As Phillips shows, the FIRE economy produces much greater returns in the short term, a matter of decades. But the FIRE economy, unlike the manufacturing economy, is brittle, fragile and much more susceptible to economic shocks such as recessions. The manufacturing economy also experiences setbacks from recessions but it's more robust and bounces back quickly. The more economic shocks the more fragile and vulnerable the FIRE economy becomes.

Eventually there's some seismic economic event, war perhaps, and the once dominant nation slips to a new steady point, making way for the next king of the hill. The nation in decline doesn't collapse. Usually it just falls into line behind the new dominant economy.

Anybody else smell the faint scent of a seismic event in the air? Maybe it's just me.

The Continuing Adventures of the Con Clown Kellie Trump

Montreal Simon - Sun, 01/15/2017 - 07:57

As we all know too well, and too painfully, the Con clown Kellie Leitch has been making an absolute fool of herself for what sometimes seems like forever.

With the worst Donald Trump impersonator third-rate drag show act Canada, and possibly the world, has ever seen.

Where Kellie Trump claims that only she can save our Canadian values, while violating every one of them.

And even more outrageously if that's possible, claiming she's against the "elites" when Leitch herself is one of them.
Read more »

They Have To Speak French

Northern Reflections - Sun, 01/15/2017 - 03:22

Back in the 1990's -- when Preston Manning burst on the scene -- a new kind of sign sprouted on lawns in my neck of the woods. Its message was blunt: "No more prime ministers from Quebec." The sign's unstated assumption was that French is spoken only in la belle province. But, when Brian Mulroney was running for the leadership of the Conservative Party, Stephen Maher writes, that he

liked to tell Conservatives that they had to choose a leader who could speak both languages. “There are 102 ridings in the country with a francophone population over 10 per cent,” he said. “In the last election the Liberals won 100 of them, we won two. You give Pierre Trudeau a head start of 100 seats and he’s going to beat you 10 times out of 10.”
New Brunswick is our only officially bilingual province. Manitoba has a significant French population. And northern Alberta also has a a significant number of French communities. That's why Maher maintains that, if the Conservatives choose a leader who can't speak French, they'll lose. His or her French doesn't have to be perfect:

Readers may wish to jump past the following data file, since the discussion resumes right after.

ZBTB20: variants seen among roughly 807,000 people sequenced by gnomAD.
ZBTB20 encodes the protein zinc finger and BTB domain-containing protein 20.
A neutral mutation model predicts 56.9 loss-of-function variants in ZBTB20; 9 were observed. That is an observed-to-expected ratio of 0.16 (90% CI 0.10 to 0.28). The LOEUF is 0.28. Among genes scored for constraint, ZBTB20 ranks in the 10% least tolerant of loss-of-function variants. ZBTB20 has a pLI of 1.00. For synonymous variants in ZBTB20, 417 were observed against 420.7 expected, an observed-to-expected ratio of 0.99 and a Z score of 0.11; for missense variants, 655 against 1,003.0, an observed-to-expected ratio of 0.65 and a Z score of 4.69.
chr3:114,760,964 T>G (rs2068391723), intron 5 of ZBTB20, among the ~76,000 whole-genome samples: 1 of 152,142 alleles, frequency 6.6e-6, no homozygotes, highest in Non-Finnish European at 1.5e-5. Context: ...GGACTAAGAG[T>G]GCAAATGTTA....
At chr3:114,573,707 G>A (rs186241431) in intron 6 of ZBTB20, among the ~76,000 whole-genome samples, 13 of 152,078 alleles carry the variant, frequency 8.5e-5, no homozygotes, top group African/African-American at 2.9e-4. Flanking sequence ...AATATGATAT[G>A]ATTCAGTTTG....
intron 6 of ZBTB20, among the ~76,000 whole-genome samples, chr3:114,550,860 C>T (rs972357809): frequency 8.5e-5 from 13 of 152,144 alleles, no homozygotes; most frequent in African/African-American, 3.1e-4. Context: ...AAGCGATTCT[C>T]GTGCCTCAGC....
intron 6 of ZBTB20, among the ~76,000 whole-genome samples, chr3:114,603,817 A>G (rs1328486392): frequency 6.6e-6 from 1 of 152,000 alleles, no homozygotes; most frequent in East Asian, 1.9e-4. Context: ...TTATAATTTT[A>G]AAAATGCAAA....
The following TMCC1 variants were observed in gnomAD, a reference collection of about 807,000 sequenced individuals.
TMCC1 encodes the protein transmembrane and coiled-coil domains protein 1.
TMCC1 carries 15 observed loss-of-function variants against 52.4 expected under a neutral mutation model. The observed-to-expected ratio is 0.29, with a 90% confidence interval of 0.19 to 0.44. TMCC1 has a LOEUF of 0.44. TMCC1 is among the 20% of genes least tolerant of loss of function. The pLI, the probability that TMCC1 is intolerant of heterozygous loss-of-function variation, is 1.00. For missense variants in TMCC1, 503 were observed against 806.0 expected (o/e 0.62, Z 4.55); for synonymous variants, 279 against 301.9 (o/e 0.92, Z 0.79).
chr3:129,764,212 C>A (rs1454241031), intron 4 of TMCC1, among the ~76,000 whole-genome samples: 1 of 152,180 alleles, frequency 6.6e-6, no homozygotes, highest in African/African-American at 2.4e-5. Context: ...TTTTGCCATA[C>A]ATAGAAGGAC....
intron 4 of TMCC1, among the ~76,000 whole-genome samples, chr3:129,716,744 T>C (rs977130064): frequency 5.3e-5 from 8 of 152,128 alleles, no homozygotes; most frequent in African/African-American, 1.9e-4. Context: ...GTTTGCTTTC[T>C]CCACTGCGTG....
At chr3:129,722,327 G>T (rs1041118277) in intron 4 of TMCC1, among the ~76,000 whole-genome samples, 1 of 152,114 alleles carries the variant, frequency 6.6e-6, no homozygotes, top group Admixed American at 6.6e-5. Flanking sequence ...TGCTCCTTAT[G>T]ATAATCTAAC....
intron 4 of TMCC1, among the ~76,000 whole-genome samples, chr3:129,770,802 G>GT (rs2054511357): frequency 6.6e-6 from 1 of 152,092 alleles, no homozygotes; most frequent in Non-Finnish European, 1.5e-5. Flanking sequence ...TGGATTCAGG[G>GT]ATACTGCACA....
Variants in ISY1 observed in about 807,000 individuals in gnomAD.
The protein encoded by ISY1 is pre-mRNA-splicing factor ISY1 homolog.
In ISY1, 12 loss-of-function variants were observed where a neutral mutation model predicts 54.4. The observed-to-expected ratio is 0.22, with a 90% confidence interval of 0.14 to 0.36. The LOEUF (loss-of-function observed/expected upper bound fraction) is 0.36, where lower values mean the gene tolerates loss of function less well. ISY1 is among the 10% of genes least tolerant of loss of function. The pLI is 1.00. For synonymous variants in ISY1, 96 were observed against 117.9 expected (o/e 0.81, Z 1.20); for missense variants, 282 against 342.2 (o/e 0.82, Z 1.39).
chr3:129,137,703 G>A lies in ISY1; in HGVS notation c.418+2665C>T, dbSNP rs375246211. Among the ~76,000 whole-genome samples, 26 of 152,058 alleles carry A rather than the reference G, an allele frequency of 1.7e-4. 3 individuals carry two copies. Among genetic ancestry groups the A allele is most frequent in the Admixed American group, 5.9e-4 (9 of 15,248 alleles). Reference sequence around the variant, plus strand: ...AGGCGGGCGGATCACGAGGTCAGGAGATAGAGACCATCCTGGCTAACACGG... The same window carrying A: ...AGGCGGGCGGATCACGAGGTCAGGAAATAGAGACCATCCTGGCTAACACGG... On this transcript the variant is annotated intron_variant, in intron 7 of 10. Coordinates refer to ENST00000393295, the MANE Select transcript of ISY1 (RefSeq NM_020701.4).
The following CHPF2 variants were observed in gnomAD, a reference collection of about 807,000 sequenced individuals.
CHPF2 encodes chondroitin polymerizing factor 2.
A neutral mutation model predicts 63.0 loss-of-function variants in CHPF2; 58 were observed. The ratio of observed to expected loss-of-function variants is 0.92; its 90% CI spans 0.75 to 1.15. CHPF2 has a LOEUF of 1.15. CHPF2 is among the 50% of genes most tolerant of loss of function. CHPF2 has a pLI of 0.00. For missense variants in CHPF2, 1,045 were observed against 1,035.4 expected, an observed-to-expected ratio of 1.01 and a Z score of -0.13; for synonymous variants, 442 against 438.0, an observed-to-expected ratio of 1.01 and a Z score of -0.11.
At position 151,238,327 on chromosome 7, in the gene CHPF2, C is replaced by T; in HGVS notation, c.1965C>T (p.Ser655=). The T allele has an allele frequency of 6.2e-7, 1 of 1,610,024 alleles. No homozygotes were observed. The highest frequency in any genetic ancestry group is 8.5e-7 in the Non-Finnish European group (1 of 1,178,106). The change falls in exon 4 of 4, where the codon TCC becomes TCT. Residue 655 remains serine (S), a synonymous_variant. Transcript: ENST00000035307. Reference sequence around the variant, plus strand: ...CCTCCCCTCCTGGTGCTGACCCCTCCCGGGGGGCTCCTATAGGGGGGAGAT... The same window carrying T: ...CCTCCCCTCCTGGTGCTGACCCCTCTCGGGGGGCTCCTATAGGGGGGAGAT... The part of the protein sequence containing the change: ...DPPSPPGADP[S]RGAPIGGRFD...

It is not necessary to speak both languages as well as the Trudeaus, Mulroney or Tom Mulcair. Stephen Harper never captured the music of the langue de Molière, and Jack Layton’s Montreal street French sometimes sounded too folksy, but both politicians were able to express themselves, which is what is necessary.

It works the same the other way. Jean Chretien’s English was not elegant, but he could communicate enough effectively to hammer home his point.
Chretien's syntax could be just as fractured in French as it was in English. But the message was always the same -- and Canadians knew it.

What does that mean for the Conservative candidates?  In the upcoming French only debate:

Chris Alexander will be good, and Michael Chong, Andrew Scheer and Erin O’Toole ought to be able to unspool some talking points, but Brad Trost, Kellie Leitch and Lisa Raitt face de facto disqualification if they parler Français comme une vache Espagnole.
The same rule will apply to whomever the New Democrats choose to be their leader. Prime Ministers don't have to come from Quebec. But they have to speak French.

Image: J.J's Complete Guide To Canada

Slouching Toward Washington

Dawg's Blawg - Sat, 01/14/2017 - 13:31
A quick quiz for those of you who still doubt that we have entered the End Times and that the Trumpocalypse looms. Quick, who said the following: “Barack Obama was a principled and able president who governed in relatively peaceful... Balbulican

Saturday Afternoon Links

accidentaldeliberations - Sat, 01/14/2017 - 12:41
Assorted content for your weekend reading.

- Dean Baker discusses some of the myths about the effects of corporate globalization - with particular attention to how our current trade and immigration structures are designed to provide easy profits for capital at the expense of labour around the world. And Jason Hickel reports on new research showing how the developed world (or at least its upper class) is extracting trillions of dollars from the countries which can least afford to lose them.

- James Kwak comments on the massive gap between the effects of minimum-wage increases as threatened based on oversimplified economic theories, and the real-world impacts which have been beneficial for workers and the broader economy alike. 

- The International Labour Organization reviews the continued lack of secure employment around the globe. And Ashley Cowburn reports on the UK public's strong support for the idea of reining in CEO income compared to that of a business' general workforce.